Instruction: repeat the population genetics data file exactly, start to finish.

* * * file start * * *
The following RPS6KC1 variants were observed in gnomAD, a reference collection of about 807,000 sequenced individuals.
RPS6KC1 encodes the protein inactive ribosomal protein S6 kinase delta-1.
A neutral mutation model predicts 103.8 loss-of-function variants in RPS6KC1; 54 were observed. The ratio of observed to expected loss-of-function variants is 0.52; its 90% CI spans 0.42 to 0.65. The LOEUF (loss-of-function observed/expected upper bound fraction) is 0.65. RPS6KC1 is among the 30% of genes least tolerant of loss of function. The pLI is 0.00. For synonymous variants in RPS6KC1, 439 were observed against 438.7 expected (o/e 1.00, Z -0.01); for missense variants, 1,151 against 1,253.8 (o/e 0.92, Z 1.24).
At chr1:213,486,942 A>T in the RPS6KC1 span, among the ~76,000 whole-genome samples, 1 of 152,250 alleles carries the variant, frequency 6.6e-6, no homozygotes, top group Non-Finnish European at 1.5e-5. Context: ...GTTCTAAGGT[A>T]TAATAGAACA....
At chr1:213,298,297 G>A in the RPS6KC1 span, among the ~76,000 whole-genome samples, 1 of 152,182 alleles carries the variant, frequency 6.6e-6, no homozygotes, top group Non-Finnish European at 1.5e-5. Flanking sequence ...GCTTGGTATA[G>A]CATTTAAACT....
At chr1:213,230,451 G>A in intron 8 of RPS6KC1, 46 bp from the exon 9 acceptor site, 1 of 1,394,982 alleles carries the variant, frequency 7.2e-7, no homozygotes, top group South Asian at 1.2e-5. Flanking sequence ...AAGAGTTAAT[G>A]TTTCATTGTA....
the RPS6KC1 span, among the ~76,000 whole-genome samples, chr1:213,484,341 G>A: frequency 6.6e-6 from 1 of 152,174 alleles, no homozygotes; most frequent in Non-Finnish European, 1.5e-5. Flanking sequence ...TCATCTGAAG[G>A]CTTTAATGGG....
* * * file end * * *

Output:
The following RPS6KC1 variants were observed in gnomAD, a reference collection of about 807,000 sequenced individuals.
RPS6KC1 encodes the protein inactive ribosomal protein S6 kinase delta-1.
A neutral mutation model predicts 103.8 loss-of-function variants in RPS6KC1; 54 were observed. The ratio of observed to expected loss-of-function variants is 0.52; its 90% CI spans 0.42 to 0.65. The LOEUF (loss-of-function observed/expected upper bound fraction) is 0.65. RPS6KC1 is among the 30% of genes least tolerant of loss of function. The pLI is 0.00. For synonymous variants in RPS6KC1, 439 were observed against 438.7 expected (o/e 1.00, Z -0.01); for missense variants, 1,151 against 1,253.8 (o/e 0.92, Z 1.24).
At chr1:213,486,942 A>T in the RPS6KC1 span, among the ~76,000 whole-genome samples, 1 of 152,250 alleles carries the variant, frequency 6.6e-6, no homozygotes, top group Non-Finnish European at 1.5e-5. Context: ...GTTCTAAGGT[A>T]TAATAGAACA....
At chr1:213,298,297 G>A in the RPS6KC1 span, among the ~76,000 whole-genome samples, 1 of 152,182 alleles carries the variant, frequency 6.6e-6, no homozygotes, top group Non-Finnish European at 1.5e-5. Flanking sequence ...GCTTGGTATA[G>A]CATTTAAACT....
At chr1:213,230,451 G>A in intron 8 of RPS6KC1, 46 bp from the exon 9 acceptor site, 1 of 1,394,982 alleles carries the variant, frequency 7.2e-7, no homozygotes, top group South Asian at 1.2e-5. Flanking sequence ...AAGAGTTAAT[G>A]TTTCATTGTA....
the RPS6KC1 span, among the ~76,000 whole-genome samples, chr1:213,484,341 G>A: frequency 6.6e-6 from 1 of 152,174 alleles, no homozygotes; most frequent in Non-Finnish European, 1.5e-5. Flanking sequence ...TCATCTGAAG[G>A]CTTTAATGGG....